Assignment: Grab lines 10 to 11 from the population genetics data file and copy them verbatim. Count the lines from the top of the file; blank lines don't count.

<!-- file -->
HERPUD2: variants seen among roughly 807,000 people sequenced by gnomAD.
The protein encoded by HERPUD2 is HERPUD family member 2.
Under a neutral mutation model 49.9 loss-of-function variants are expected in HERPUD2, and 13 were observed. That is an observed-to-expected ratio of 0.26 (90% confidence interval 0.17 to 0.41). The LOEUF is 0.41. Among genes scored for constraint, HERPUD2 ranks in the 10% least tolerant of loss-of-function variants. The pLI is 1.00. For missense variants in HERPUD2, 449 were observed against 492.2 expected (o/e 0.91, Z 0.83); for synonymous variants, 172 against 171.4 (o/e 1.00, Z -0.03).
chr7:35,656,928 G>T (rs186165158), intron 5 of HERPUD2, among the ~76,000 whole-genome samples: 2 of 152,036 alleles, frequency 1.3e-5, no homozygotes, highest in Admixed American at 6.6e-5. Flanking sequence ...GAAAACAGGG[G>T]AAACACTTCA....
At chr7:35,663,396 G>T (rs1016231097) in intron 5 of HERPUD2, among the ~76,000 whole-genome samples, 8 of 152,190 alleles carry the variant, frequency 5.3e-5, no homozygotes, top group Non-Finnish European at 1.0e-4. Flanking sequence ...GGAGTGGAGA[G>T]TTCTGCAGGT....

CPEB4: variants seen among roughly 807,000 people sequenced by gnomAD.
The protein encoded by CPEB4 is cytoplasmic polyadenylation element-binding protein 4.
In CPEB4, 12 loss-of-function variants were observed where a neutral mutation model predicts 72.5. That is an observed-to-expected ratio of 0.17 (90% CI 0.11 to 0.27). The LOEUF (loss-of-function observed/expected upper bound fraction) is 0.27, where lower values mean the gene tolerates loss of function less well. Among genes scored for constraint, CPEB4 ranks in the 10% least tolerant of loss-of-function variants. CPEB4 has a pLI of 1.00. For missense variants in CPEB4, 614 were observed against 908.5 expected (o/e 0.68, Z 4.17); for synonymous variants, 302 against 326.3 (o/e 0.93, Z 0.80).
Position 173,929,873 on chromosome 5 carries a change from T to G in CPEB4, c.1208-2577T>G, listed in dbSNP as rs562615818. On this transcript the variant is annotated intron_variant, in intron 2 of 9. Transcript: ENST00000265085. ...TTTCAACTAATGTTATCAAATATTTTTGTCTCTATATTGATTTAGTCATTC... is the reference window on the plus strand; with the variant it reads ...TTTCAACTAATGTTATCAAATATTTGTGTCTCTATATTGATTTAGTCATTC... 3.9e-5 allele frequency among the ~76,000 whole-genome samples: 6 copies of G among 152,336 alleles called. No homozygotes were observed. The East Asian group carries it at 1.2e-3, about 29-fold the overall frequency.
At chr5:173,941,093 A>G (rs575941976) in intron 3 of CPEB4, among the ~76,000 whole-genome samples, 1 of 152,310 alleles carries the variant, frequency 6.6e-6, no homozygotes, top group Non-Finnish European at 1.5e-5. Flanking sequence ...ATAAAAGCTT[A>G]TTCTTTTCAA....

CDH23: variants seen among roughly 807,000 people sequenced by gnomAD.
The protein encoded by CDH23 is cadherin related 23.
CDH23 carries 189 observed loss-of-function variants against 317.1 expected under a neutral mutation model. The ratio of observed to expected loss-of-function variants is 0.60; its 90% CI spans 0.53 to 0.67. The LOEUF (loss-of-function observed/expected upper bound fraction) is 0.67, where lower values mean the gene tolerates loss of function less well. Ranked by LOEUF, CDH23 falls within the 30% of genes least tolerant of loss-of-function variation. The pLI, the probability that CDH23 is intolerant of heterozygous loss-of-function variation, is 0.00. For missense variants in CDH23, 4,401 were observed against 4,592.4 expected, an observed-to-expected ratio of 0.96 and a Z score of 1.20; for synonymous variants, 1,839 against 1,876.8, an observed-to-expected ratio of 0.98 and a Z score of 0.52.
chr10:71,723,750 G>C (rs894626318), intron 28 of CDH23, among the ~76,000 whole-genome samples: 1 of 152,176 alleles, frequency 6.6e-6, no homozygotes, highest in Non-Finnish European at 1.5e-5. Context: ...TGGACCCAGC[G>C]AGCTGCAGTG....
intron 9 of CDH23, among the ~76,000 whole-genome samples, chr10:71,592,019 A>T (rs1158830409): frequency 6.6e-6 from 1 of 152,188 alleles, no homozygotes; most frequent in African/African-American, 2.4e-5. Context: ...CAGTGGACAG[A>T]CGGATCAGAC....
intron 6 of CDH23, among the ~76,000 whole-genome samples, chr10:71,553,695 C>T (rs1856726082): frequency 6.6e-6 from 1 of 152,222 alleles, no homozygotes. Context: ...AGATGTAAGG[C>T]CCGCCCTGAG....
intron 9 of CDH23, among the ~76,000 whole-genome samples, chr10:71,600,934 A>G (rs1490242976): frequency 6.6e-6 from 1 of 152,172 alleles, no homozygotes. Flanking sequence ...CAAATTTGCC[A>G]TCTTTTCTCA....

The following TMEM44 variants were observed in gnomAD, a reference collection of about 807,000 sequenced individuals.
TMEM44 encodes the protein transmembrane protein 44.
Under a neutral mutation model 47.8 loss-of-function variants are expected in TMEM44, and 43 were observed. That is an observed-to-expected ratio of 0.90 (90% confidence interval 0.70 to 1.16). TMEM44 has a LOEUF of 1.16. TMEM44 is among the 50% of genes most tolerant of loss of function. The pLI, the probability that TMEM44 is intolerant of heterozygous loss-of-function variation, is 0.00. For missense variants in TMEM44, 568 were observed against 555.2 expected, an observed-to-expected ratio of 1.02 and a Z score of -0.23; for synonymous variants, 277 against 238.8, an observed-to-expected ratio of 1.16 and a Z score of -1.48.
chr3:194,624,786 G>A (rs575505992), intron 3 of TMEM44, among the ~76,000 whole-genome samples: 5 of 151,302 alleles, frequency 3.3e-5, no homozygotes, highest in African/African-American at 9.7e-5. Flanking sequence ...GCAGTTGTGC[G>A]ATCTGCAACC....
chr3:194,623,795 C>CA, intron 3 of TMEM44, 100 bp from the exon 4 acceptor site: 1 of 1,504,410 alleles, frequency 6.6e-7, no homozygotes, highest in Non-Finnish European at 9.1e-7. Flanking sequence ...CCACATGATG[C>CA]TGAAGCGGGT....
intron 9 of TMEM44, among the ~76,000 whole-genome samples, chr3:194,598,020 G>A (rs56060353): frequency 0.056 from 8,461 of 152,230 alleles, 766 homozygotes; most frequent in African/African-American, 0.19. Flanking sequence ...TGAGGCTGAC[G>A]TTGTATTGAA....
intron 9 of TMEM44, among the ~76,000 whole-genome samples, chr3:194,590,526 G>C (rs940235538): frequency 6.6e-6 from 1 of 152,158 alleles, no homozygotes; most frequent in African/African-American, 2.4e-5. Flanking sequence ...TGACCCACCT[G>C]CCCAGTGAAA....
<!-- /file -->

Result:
At chr5:173,941,093 A>G (rs575941976) in intron 3 of CPEB4, among the ~76,000 whole-genome samples, 1 of 152,310 alleles carries the variant, frequency 6.6e-6, no homozygotes, top group Non-Finnish European at 1.5e-5. Flanking sequence ...ATAAAAGCTT[A>G]TTCTTTTCAA....

CDH23: variants seen among roughly 807,000 people sequenced by gnomAD.